The Arts on Film: Young & Beautiful (2013)

It’s no surprise that once again I find cause to write another one of these posts after having seen a new Ozon film. Though his love of 1960s French pop is as strong as it ever has been its really through the dissection of one artist’s particular work that we have underscored many themes, ideas and conclusions that are examined by this latest film.

Young & Beautiful
tells a cockeyed coming-of-age story wherein a girl, Isabelle (Marine Vacht), after losing her virginity decides after a random solicitation to become a prostitute. Much of the film is about eschewing easy answers and furthermore rebuffing the notion that there is a singular explanation for her actions. It is rather not a mystery such as a investigation of characters and their reactions to given situations.

In many ways Isabelle’s tendentiousness to engage in such activity, her lack of compunction about it and the fact that she doesn’t really think about the consequences until things go very wrong are illuminated, or at least speculated upon, by dissection of the following poem by Arthur Rimbaud.

It’s not just the first line, but the explication by one student which surmises that there is no change only cycles that repeat really diagram a pattern of behavior that occurs in the film; not just by Isabelle necessarily but also by her family.

Ultimately, the film draws a similar schema to In the House in terms of familial claustrophobia, coexisting and commingling, but whereas it may be as intriguing intellectually, especially in the use of cited source material, it falls a bit short in the visceral arena.

Be that as it may, enjoy Rimbaud’s words free of the brilliant construction of Ozon’s scene and ruminate on them anew if you have seen the film.

Arthur Rimbaud

Novel

I.

No one’s serious at seventeen.
–On beautiful nights when beer and lemonade
And loud, blinding cafés are the last thing you need
–You stroll beneath green lindens on the promenade.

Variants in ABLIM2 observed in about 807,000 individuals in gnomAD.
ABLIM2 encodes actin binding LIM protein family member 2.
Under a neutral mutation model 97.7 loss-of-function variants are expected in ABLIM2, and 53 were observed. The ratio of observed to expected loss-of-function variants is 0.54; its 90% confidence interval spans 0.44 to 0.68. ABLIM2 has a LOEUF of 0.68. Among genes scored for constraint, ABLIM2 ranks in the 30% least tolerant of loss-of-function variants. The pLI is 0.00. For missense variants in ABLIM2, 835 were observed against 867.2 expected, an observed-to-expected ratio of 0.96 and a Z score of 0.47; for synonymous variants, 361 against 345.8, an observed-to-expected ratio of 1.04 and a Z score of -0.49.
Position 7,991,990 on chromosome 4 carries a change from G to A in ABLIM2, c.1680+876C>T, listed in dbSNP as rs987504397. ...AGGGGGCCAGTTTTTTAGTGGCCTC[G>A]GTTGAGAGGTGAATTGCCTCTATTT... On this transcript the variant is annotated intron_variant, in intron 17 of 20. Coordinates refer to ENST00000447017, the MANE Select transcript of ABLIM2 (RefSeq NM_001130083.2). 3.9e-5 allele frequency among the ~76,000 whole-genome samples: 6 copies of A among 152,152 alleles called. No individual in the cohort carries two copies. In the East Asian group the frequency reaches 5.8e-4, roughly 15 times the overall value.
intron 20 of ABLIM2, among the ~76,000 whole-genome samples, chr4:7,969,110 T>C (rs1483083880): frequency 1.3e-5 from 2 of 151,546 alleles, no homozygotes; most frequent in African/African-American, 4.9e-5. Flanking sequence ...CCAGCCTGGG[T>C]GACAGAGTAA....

Lindens smell fine on fine June nights!
Sometimes the air is so sweet that you close your eyes;
The wind brings sounds–the town is near–
And carries scents of vineyards and beer. . .

II.

–Over there, framed by a branch
You can see a little patch of dark blue
Stung by a sinister star that fades
With faint quiverings, so small and white. . .
June nights! Seventeen!–Drink it in.
Sap is champagne, it goes to your head. . .
The mind wanders, you feel a kiss
On your lips, quivering like a living thing. . .

III.

The wild heart Crusoes through a thousand novels
–And when a young girl walks alluringly
Through a streetlamp’s pale light, beneath the ominous shadow
Of her father’s starched collar. . .
Because as she passes by, boot heels tapping,
She turns on a dime, eyes wide,
Finding you too sweet to resist. . .
–And cavatinas die on your lips.

IV.

You’re in love. Off the market till August.
You’re in love.–Your sonnets make Her laugh.
Your friends are gone, you’re bad news.
–Then, one night, your beloved, writes. . .!
That night. . .you return to the blinding cafés;
You order beer or lemonade. . .
–No one’s serious at seventeen
When lindens line the promenade.

-Arthur Rimbaud

The Arts on Film: In the House (2013)

Introduction

Enumerating how many artistic disciplines exist is not the purview of this series. Rather the idea of this series is to briefly explore an iteration, an instance, of another artform in the world of cinema.

In an upcoming series of posts I will state that I believe that cinema is the ultimate artform because of its ability to encompass or represent all the forms that came before it. Its elasticity is such that I believe it will be able to dialogue with whatever comes next.